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Awareness of the strategy enables fast response
AS WE showed before [1, 2, 3], SpikeSource has become a Microsoft ally that assists the movement of Free software programs over to the Windows platform. It’s actually supported by both Microsoft and Intel, which makes one wonder about Intel’s attitude towards Free software and GNU/Linux in particular. The collusions and the assault on OLPC don’t help.
Anyway, there is no mentioning of SpikeSource in the following news, but there are signs of the same strategy against GNU/Linux. Microsoft is trying to displace the “L” in LAMP and it’s a development we may wish to refer to in the future, so here are 3 articles about it:
1. Microsoft introduces installers for open-source apps
If you can’t beat them, join them, and make certain that people notice. Microsoft has introduced an installer that streamlines installations of free components from its Web application platform, and another to guide its customers in the installation of popular .NET and PHP open-source applications that are compatible with Windows.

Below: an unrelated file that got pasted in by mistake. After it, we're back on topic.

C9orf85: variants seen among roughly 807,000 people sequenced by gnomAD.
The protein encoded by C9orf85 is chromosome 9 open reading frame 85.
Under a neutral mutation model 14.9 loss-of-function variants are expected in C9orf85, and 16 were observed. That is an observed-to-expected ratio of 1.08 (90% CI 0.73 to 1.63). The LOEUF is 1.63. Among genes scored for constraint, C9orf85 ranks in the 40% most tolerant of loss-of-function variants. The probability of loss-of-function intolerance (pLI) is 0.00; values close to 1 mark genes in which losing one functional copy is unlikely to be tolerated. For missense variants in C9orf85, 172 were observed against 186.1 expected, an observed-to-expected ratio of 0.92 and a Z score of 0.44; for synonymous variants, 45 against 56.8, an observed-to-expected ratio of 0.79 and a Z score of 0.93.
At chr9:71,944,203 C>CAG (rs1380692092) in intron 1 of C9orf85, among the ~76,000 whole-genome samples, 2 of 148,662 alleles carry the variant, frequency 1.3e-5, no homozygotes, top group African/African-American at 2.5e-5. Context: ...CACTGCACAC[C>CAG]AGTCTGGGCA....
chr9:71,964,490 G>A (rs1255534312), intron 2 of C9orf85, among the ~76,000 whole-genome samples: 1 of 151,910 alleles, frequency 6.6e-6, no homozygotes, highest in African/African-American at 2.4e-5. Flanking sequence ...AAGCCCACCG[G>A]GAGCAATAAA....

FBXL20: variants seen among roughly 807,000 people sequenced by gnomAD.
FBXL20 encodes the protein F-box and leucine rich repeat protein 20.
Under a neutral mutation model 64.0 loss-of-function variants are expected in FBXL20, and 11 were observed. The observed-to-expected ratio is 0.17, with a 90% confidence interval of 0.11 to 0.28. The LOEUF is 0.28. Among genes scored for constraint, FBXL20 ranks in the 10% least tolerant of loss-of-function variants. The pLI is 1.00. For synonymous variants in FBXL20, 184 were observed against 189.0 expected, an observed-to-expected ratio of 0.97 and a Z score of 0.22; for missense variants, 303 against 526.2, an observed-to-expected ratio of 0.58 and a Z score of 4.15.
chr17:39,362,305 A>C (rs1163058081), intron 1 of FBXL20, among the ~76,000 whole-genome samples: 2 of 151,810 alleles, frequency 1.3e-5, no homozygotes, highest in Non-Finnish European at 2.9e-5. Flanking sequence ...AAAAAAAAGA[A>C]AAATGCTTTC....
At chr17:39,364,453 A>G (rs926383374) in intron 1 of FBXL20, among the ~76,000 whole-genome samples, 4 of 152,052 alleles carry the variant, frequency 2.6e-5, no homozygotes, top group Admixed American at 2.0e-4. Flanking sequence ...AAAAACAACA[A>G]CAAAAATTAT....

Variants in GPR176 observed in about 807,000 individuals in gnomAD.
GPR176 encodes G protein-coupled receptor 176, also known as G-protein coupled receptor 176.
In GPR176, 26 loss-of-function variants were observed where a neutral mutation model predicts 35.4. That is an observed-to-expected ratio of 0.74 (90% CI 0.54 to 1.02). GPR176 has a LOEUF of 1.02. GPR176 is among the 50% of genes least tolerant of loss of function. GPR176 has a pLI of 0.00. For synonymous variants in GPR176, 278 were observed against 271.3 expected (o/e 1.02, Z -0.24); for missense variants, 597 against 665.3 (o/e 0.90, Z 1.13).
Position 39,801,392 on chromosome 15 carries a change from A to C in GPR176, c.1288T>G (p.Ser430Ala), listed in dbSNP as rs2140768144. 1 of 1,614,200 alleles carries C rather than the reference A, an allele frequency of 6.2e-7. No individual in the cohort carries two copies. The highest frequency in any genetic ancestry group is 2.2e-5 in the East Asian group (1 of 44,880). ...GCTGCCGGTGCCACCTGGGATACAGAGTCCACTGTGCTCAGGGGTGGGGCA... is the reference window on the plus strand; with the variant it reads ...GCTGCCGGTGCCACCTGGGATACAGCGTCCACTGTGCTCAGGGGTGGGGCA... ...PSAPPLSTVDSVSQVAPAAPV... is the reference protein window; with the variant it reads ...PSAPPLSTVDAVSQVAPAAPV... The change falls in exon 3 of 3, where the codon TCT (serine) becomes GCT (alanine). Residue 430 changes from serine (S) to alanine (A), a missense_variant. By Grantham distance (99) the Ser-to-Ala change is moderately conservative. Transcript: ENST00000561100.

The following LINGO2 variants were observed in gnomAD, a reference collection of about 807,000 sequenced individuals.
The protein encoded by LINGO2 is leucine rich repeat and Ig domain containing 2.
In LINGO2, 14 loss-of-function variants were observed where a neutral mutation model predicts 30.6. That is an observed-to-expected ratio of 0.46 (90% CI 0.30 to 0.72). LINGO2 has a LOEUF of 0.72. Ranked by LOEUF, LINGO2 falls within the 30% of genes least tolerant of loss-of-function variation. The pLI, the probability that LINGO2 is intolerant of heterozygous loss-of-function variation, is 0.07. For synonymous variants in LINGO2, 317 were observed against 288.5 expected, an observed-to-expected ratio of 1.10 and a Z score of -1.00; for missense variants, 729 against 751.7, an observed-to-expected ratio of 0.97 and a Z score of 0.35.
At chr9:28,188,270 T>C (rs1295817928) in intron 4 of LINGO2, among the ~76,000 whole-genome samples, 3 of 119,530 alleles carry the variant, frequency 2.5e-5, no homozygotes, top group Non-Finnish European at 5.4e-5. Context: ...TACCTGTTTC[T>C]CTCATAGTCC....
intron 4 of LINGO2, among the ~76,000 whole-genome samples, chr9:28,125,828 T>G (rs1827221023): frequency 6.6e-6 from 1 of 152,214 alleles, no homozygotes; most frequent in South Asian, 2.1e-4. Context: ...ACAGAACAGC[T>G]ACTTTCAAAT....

2. Microsoft, OpenLogic Further Open-Source Efforts
Microsoft and OpenLogic both made moves Oct. 15 to further their open-source initiatives, with Microsoft releasing new software for Web developers and OpenLogic announcing new professional services to help companies increase their usage of open-source software.
Microsoft delivered the beta of a download manager and packaged open-source applications to make it easier for Web developers to install Web products and tools for building next-generation Web applications. The new software from Microsoft includes Web PI (Web Platform Installer), a free download manager that simplifies the installation of Microsoft’s development tools, from .NET Framework 3.5 to ASP.NET to Silverlight, for building Web applications.
3. Microsoft Puts Weight Behind Open Source Projects With Web Platform Installer